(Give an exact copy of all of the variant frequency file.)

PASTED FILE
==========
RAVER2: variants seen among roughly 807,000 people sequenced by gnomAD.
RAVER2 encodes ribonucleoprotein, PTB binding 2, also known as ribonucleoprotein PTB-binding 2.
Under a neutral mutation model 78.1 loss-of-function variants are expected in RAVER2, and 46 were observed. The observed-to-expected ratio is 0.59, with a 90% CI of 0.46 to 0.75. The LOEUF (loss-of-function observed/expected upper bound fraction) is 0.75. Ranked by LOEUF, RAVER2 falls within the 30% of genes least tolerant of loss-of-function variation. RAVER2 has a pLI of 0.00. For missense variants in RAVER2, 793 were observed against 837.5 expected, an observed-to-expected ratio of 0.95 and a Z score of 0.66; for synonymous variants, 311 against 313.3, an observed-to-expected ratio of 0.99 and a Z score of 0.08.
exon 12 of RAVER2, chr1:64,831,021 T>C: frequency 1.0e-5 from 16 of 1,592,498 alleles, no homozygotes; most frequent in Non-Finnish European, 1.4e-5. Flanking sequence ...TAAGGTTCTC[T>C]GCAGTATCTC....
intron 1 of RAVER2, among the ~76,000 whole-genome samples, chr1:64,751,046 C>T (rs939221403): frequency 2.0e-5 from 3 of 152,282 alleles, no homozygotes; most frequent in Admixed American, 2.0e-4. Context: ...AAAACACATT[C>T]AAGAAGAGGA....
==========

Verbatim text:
RAVER2: variants seen among roughly 807,000 people sequenced by gnomAD.
RAVER2 encodes ribonucleoprotein, PTB binding 2, also known as ribonucleoprotein PTB-binding 2.
Under a neutral mutation model 78.1 loss-of-function variants are expected in RAVER2, and 46 were observed. The observed-to-expected ratio is 0.59, with a 90% CI of 0.46 to 0.75. The LOEUF (loss-of-function observed/expected upper bound fraction) is 0.75. Ranked by LOEUF, RAVER2 falls within the 30% of genes least tolerant of loss-of-function variation. RAVER2 has a pLI of 0.00. For missense variants in RAVER2, 793 were observed against 837.5 expected, an observed-to-expected ratio of 0.95 and a Z score of 0.66; for synonymous variants, 311 against 313.3, an observed-to-expected ratio of 0.99 and a Z score of 0.08.
exon 12 of RAVER2, chr1:64,831,021 T>C: frequency 1.0e-5 from 16 of 1,592,498 alleles, no homozygotes; most frequent in Non-Finnish European, 1.4e-5. Flanking sequence ...TAAGGTTCTC[T>C]GCAGTATCTC....
intron 1 of RAVER2, among the ~76,000 whole-genome samples, chr1:64,751,046 C>T (rs939221403): frequency 2.0e-5 from 3 of 152,282 alleles, no homozygotes; most frequent in Admixed American, 2.0e-4. Context: ...AAAACACATT[C>T]AAGAAGAGGA....